The race cars of the day used drum brakes (many only had brakes on the rear, to save weight and make the front suspension more responsive), and drivers had to begin braking very early when approaching a sharp turn, to avoid getting the brakes too hot. The Bugatti’s could approach turns just faster enough to pass the competition, and then they could apply the brakes quite hard without fear of the brakes getting too hot. Once around the turns and onto the straightaways, the mass of wheel aluminum could then begin shedding the heat that it had absorbed, before they reached the next turn.
By Ben using the aluminum frame to absorb and shed motor-heat from high amp-spikes, this compact and light motor can produce much more power than it has normally been surviving. Ben noted that the performance of this motor is outstanding at 18S and only 40A.
A nominal 3.6V per cell times 18 cells in series is 65V, and also, it’s 74V when fully-charged to 4.1V per cell. 65V X 40A = 2600W. That doesn’t sound huge, but the reduction is over 30:1, so that 2600W is converted into an enormous amount of wheel-torque.
One of the reasons I moved Ben’s project to the front of the list of custom ebikes we wanted to write about is that we wanted to feature his clever solution to tensioning the secondary chains that runs between the bottom bracket and the jackshaft.
The Lightning Rods system uses a jackshaft which incorporates some components from bicycle bottom brackets, and Ben adapted what is called an “eccentric” into it. If you look closely, you can see that the hollow central threaded mount is off-center from the outer edge of the cylindrical shell, which is rotatable.
Eccentric bottom brackets were developed because a small percentage of bicyclists wanted to convert a frame that had vertical rear drop-outs into a single-speed, and to then have the chain properly tensioned without the clutter of adding an idler wheel. Rotating the eccentric BB moves the pedal spindle forward to tension the drive-chain.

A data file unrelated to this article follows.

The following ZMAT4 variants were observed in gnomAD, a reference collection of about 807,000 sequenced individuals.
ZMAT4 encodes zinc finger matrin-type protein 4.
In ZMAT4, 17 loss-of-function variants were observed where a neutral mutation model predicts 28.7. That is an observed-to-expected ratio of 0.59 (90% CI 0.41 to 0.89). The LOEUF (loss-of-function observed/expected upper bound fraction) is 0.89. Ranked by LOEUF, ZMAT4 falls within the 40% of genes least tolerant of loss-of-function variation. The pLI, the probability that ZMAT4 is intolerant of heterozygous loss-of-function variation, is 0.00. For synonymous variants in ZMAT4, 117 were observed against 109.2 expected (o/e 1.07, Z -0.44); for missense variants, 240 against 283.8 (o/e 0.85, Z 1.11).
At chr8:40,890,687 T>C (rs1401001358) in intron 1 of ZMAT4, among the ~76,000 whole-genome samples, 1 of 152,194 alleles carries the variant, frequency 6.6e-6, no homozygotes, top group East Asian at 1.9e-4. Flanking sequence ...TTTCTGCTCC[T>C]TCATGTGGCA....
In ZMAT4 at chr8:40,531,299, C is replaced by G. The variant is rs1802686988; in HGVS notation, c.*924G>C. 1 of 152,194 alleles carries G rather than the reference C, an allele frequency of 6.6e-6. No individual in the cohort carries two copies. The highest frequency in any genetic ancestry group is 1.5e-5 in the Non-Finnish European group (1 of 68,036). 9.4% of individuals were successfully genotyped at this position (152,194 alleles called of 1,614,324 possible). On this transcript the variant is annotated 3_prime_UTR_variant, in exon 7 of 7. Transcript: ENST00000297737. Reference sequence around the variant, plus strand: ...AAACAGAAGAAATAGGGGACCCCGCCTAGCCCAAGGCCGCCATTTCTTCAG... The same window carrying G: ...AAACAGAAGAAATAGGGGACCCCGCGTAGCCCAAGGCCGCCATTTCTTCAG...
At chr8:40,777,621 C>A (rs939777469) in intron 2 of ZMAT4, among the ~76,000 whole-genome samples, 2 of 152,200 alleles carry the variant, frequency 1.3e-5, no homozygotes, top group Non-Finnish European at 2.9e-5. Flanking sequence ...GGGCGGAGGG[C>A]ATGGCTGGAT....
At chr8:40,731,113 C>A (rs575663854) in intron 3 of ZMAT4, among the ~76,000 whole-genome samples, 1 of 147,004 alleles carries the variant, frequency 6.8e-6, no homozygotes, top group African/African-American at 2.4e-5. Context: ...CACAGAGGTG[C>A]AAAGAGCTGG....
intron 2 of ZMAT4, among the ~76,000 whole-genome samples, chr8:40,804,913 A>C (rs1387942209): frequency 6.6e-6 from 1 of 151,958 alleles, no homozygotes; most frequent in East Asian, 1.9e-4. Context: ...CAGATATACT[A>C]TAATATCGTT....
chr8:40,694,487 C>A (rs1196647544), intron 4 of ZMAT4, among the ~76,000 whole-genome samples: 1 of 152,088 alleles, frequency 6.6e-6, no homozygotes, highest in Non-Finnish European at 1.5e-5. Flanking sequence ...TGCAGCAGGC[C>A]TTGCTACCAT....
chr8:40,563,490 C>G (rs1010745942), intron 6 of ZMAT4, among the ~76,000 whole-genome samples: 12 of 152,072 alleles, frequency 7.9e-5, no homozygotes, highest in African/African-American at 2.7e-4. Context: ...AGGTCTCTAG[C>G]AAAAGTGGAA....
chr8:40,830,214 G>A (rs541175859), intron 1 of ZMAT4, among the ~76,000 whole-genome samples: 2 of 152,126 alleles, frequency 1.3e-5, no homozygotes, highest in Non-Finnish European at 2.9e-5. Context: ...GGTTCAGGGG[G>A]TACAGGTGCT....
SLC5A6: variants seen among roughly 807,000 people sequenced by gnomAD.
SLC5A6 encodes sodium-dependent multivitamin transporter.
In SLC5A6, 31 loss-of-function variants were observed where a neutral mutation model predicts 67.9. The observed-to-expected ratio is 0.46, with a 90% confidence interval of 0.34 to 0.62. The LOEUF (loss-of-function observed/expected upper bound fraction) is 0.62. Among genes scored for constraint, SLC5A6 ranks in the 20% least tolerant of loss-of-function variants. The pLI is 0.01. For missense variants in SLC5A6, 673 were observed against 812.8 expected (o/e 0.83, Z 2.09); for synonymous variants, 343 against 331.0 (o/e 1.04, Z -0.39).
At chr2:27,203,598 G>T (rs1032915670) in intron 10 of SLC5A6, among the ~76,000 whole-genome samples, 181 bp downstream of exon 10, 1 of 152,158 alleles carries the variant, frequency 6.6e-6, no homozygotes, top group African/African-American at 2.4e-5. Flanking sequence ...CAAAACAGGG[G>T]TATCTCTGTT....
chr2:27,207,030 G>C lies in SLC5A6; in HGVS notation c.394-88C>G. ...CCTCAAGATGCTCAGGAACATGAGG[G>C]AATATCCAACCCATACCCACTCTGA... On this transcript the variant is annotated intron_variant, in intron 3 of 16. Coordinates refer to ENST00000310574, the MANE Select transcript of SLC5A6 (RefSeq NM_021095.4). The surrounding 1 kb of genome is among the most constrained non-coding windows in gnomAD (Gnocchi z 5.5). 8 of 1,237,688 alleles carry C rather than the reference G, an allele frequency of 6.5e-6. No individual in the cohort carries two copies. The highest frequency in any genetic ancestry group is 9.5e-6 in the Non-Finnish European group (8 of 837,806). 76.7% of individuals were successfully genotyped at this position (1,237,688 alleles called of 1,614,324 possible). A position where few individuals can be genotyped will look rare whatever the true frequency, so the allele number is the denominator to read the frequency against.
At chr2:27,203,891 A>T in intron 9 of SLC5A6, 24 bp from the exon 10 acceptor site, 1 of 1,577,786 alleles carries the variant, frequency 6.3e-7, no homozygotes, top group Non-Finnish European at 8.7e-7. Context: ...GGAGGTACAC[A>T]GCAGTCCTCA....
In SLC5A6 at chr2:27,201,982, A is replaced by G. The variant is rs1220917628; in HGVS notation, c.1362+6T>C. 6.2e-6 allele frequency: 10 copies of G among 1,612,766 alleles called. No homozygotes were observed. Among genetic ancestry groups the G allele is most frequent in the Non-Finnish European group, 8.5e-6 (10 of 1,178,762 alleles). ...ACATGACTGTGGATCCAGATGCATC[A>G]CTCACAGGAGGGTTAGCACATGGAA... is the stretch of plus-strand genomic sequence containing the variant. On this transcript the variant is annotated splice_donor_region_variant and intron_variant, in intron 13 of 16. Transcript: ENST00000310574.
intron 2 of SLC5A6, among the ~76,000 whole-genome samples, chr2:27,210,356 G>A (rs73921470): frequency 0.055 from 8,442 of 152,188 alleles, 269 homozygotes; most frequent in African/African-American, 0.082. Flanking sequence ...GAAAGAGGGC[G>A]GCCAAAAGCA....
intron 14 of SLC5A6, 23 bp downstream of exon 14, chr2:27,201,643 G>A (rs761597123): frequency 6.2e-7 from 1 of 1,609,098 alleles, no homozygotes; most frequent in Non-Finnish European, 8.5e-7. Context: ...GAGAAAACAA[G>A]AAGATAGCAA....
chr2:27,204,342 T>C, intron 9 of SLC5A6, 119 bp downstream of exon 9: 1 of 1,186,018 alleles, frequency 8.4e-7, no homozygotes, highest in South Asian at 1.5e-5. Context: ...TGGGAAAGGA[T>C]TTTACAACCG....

Battery box decisions
I am not a fan of LiPo batteries for a daily driver ebike. I know that they are likely to remain popular for racing ebikes, but recently…ebike battery packs made from name-brand 18650 cells have improved their performance capabilities dramatically.
Ben uses a sophisticated and reliable balancing charger, and he is very familiar with the quirks of LiPo pouch cells. He chose Multistar sub-packs from Hobby King for this project, and their squared shape simplified the battery box construction.
Now that Ben has a riding season under his belt, his winter project is converting the battery pack to 100 of the 18650 cells in a 20S / 5P configuration.
Fat tire, thin tire
With the Big Hit having a well-respected suspension system, you might think fat tires were not necessary, but Ben decided he wanted them. Because of the extra trouble he went to in order to have them, I am certain that he’s tried them before, and liked them a lot.
Ben has fantastic fabrication skills, so when he pondered this project and chose an off-road mid drive ebike…with fat tires!…he decided he would rather build one up just the way he wanted, rather than shop for a compromise to just buy.
Ben was able to source a Manitou Dorado fork that accepted the tires he wanted in its stock form, but he knew the swingarm would be a challenge.
In the pic below, Ben has braced the pivot points so the swingarm geometry won’t be changed during the radical modification process. Then, he cut away the sections which would rub against the 4-inch wide tires’ diameter that he had selected. Last, he cut and shaped some reinforcements to beef-up the parts of the swingarm that had been compromised.
The final stage
In the pic below, you can see a close-up of the eccentric bottom bracket. By rotating it, the jackshaft center can be moved closer or farther away from the bottom bracket. This allows the builder to tension the secondary chain without adding a idler to it.
If you like this build, you might also like Simon’s Specialized Supercharged
Written by Ron/spinningmagnets, November 2016